Pin Baby, 2006
Wire mesh, paper, paste, pins
50 x 50 x 20cm
2. Alert, 2006
Wire mesh, glass matt, polyester resin, rust, found object
13 x 40cm
IMAGES courtesy and © the artist
“Understanding is for me a
two-way process, it goes outward and then inward, and it always has to
cross this body boundary.”
INTERVIEW by Ella Mudie
1. Your upcoming show is
called “Intro-Spectatio”. Can you explain a little about the title?
In Latin “intro” means the movement from an outside into an inside,
and “spectare” means looking at something. I put that into a word that
now means moving inside and looking outside at once. Besides, I like
the habit of some sciences, like medicine or biology, to attach (often
invented) Latin names to the objects investigated. This has a
mystifying effect on the understanding of an outsider of the field.
He/she tends to attach a much higher authority to a Latin term than to
an English term. So that also gives my title an ironic twist – don’t
let yourself be tricked, you are responsible for what you understand.
2. You could say your
work, then, challenges the conventions of inside and outside. Why is
this so? Where has this fascination come from?
It comes from my interest in the process of understanding. As I
mentioned, understanding is for me, a two way process, it goes outward
and then inward, and it always has to cross this body boundary. Thus
perception and meaning depend on each other, are continuous processes
that condition each other. So what’s first: What I see or what I feel?
What I sense with my eyes or what I see in my imagination? The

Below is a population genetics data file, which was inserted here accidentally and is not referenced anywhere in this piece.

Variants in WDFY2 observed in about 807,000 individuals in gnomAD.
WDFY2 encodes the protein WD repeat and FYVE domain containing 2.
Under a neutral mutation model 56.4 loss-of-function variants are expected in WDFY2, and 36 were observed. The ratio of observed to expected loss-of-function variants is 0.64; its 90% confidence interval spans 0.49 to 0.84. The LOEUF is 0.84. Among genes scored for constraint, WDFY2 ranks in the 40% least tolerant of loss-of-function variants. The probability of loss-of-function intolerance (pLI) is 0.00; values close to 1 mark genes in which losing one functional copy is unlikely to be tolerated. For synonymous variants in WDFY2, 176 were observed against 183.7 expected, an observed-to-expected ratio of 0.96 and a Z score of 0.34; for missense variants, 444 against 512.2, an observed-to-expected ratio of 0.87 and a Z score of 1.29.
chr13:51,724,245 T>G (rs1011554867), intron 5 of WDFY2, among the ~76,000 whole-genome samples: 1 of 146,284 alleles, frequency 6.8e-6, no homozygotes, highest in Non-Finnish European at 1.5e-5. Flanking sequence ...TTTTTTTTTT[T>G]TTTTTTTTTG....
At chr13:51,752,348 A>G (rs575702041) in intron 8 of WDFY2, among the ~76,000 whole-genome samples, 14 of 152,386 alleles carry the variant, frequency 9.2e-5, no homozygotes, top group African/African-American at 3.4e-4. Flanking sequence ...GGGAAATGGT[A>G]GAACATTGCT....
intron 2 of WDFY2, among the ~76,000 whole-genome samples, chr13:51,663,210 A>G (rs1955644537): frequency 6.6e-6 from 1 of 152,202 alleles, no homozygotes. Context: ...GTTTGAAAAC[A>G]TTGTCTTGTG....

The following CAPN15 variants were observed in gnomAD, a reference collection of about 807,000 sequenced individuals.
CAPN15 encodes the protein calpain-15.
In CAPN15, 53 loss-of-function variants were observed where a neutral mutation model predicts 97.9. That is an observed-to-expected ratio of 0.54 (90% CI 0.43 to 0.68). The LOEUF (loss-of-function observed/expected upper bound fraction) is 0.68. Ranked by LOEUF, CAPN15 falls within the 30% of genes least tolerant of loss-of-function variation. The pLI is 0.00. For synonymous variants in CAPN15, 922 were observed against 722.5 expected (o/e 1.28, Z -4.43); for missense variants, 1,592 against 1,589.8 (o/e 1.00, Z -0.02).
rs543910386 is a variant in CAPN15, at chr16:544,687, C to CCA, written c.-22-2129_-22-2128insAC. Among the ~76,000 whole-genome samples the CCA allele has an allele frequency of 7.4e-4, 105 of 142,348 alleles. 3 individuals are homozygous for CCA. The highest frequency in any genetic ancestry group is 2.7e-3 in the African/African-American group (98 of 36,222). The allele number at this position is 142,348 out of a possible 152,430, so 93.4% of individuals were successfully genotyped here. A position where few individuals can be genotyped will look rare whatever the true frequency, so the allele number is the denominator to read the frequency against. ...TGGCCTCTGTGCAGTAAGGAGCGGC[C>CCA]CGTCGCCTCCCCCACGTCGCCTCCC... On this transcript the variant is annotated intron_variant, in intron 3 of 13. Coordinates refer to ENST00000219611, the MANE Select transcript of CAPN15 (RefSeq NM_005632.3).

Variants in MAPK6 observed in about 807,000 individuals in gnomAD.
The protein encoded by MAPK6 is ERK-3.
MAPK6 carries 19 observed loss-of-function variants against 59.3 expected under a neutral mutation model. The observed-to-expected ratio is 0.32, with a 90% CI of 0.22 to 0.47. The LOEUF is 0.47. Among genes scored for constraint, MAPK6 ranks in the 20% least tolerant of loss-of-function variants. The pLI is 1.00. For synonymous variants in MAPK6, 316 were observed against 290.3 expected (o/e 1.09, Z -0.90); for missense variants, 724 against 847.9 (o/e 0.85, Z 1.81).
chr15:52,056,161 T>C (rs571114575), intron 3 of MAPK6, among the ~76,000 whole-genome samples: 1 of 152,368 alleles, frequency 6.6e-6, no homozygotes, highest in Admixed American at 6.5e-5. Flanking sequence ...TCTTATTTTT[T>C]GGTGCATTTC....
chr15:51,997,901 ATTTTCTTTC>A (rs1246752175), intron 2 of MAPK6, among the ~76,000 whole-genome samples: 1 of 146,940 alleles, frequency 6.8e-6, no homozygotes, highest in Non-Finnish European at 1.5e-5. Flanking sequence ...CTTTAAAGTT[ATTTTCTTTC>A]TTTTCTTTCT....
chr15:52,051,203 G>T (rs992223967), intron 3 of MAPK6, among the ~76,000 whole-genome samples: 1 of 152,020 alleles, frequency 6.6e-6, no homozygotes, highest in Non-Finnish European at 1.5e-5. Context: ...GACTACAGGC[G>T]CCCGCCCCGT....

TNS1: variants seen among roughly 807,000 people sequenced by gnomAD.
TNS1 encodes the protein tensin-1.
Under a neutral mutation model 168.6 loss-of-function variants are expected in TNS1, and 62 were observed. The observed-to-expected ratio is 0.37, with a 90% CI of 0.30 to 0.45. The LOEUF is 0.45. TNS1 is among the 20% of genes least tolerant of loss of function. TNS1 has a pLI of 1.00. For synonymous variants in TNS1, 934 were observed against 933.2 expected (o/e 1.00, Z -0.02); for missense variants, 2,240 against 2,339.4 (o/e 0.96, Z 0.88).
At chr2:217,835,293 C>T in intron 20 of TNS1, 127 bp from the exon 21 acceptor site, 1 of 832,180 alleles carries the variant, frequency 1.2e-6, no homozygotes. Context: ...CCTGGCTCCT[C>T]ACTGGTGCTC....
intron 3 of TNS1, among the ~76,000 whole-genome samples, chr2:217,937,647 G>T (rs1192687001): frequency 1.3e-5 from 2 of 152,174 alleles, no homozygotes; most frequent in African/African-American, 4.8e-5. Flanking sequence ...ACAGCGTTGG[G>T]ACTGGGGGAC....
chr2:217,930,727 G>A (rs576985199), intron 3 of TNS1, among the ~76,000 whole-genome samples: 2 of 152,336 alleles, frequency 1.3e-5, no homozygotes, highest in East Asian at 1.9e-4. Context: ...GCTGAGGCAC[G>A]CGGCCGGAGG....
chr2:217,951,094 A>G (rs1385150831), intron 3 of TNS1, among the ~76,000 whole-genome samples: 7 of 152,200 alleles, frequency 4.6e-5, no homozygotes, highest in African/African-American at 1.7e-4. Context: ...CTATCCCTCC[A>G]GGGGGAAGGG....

feelings or the stories? It is quite fascinating to me that many
people, also many young people, respond strongly to the works that
have lots of pins pointing inwards, into the object. The ambiguity of
pain seems to strike a chord in them.
3. What kind of materials
do you like to work with and why?
My preferred materials are from our daily lives. I like to go to
hardware stores or office supply shops or the like. Often I use wire,
paper of all sorts, plastic and lately a lot of glass fibre and
polyester resin. I choose these materials because I am interested in
both the inside and the outside of an object. Therefore I find
materials that have a certain resemblance with shell or skin and that
have a certain translucency. Often they are fragile.
4. You live in Melbourne, Australia and M_dling,
similarities between the place names are quite uncanny) How does
belonging to two cultures and countries influence your art?
Yes, we have joked about the similarity of the names already before I
I expected the countries to be much less different as I find them now.
The longer I live here – by now it has been three years – the more I
find out about the subtleties. That means the better I know my second
home the less familiar I feel. Looking at my first home,
probably is the other way round: the longer I stay away the better I
seem to understand. This already shows the influence on my art – to
question imagining and understanding currently shapes my everyday
5. What are you working on
at the moment?
First thing is the show at Uber Gallery in
Melbourne. It opens on
October 24. Then there is a whole body of work in my head that deals
with my experiences in China as artist in residence of the Red Gate
Gallery in Beijing this year, and a plan of a series of children’s
figures referring to the story by E.T.A Hoffman “The Mysterious Child”
that goes about creativity and reality. But first of all I have to
look for a new studio where I can do all my experiments without
bothering anybody. If something comes along, please let me know.
Elisabeth’s solo show “Intro-Spectatio” is showing at
in St Kilda,
Melbourne from 24 October
– 26 November 2006